There was a suggestion in the Sydney Morning Herald the other week that English could happily be simplified – no more ‘its’ and ‘it’s’ confusion, no more malapropism involving their, there and they’re.
The advent of self-pubbing, it seems, has brought with it a decline in the correct use of apostrophes – and, of course, I can hear the scream of the grammar Nazis from here.
The thing about language – and particularly grammar – is that it changes over time. Inevitably. If it didn’t, we’d all be speaking like Chaucer, or Anglo Saxon. Actually, we do the latter anyway whenever we swear. But except for the rude words we have to accept that the language has changed. And it’s continuing to change. Of late, for instance, ‘invitation’ – a noun – has been replaced by ‘invite’, its verb form. A few years ago we would ‘receive an invitation’, and we could ‘invite people’ to our birthdays. Now, we receive ‘an invite’. I’ve even seen it in official correspondence. Technically that makes it a gerund – a verb that, in its non-infinitive form – can be used as a noun.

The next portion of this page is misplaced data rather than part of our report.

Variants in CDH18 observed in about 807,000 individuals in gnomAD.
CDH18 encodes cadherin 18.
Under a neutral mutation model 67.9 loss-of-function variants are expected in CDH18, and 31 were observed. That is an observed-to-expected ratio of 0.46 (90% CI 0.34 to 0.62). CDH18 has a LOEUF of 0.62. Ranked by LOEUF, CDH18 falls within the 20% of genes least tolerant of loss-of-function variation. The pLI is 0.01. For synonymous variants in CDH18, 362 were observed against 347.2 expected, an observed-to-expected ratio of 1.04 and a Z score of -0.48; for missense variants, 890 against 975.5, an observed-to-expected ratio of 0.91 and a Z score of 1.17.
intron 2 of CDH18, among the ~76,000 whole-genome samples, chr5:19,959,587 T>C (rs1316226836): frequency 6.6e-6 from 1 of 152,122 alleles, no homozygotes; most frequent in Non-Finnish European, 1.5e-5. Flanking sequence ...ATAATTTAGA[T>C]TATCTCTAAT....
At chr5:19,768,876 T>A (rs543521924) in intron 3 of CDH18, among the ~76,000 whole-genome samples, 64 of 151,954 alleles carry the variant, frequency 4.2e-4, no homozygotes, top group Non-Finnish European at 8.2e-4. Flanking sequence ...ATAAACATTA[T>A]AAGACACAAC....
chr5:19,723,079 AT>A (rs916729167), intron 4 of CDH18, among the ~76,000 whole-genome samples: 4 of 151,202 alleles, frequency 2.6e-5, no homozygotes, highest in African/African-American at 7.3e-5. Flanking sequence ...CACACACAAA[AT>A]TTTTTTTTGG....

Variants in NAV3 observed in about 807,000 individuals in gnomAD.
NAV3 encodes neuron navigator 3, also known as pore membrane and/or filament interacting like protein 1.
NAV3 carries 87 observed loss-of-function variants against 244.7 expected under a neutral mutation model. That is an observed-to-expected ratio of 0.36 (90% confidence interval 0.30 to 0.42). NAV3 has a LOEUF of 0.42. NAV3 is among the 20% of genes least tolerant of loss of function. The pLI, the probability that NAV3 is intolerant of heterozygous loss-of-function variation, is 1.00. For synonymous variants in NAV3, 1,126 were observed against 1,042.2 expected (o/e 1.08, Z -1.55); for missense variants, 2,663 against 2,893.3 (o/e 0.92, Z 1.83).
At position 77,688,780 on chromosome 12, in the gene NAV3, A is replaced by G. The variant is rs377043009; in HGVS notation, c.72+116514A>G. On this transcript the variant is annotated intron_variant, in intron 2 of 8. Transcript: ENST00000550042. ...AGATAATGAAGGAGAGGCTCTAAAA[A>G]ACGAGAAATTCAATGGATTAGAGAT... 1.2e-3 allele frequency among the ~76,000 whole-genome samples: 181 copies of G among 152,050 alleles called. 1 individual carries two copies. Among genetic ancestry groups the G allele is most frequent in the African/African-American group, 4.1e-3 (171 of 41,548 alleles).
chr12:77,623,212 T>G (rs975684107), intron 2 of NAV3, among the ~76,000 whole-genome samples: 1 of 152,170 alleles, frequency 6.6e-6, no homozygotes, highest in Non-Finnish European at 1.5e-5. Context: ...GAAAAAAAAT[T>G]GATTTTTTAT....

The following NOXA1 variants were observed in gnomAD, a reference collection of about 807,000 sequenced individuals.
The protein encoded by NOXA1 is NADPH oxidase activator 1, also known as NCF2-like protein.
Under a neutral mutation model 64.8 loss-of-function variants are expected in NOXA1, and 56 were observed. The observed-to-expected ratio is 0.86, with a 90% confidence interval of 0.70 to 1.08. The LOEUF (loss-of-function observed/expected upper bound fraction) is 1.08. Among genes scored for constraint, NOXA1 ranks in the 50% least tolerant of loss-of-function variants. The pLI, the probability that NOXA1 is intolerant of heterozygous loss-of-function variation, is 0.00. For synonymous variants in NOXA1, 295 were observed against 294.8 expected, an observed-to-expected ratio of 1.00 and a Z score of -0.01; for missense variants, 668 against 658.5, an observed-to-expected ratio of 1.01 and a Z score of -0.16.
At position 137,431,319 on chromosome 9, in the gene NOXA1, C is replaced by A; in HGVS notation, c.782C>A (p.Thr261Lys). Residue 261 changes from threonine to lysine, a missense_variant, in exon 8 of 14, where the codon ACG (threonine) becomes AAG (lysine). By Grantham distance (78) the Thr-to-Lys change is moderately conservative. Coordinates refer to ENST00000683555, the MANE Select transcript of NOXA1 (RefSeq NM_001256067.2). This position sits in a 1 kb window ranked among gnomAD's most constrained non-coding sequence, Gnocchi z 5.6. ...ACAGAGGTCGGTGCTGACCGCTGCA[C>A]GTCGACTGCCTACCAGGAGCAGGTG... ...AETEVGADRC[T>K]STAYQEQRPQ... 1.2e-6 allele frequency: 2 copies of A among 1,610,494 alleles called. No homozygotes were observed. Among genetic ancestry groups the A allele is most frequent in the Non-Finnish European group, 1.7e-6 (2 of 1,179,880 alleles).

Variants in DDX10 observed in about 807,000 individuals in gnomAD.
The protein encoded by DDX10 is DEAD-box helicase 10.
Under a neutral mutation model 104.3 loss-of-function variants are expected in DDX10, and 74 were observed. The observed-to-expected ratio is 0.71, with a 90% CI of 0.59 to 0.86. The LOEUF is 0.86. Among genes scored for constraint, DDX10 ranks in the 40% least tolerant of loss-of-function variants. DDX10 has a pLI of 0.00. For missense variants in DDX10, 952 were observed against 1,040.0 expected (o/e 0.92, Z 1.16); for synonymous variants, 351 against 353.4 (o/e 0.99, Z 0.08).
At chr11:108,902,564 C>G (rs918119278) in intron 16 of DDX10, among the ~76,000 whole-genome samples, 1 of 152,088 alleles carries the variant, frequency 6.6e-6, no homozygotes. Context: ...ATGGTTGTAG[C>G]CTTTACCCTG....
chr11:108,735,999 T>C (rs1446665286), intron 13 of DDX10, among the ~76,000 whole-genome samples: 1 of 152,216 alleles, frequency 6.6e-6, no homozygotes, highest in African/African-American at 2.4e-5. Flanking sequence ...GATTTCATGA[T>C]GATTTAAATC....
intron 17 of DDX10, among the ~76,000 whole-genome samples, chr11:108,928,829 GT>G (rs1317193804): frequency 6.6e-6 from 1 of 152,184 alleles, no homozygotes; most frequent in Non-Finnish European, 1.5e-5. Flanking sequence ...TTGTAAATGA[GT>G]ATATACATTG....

Should we really complain? Some people might, though such attitudes put me in mind of ‘deportment’, the middle class Victorian era conceit that etiquette, for women, was defined by their ability to walk without bobbing, as if on wheels. The conceit far outlasted the crinoline dresses into which it was born. Even into the 1920s, stern-faced tutors would make upwardly aspiring young women walk with books balanced on their heads in order to master this art. In that age of flappers, cloche hats and short tube dresses, society had moved on, but the ways in which people were judged and measured had not.
It’s the same, I contend, with language. Not that I am going to drop apostrophes or misuse homonyms in a hurry. But personally I wouldn’t complain if others do.
Copyright © Matthew Wright 2014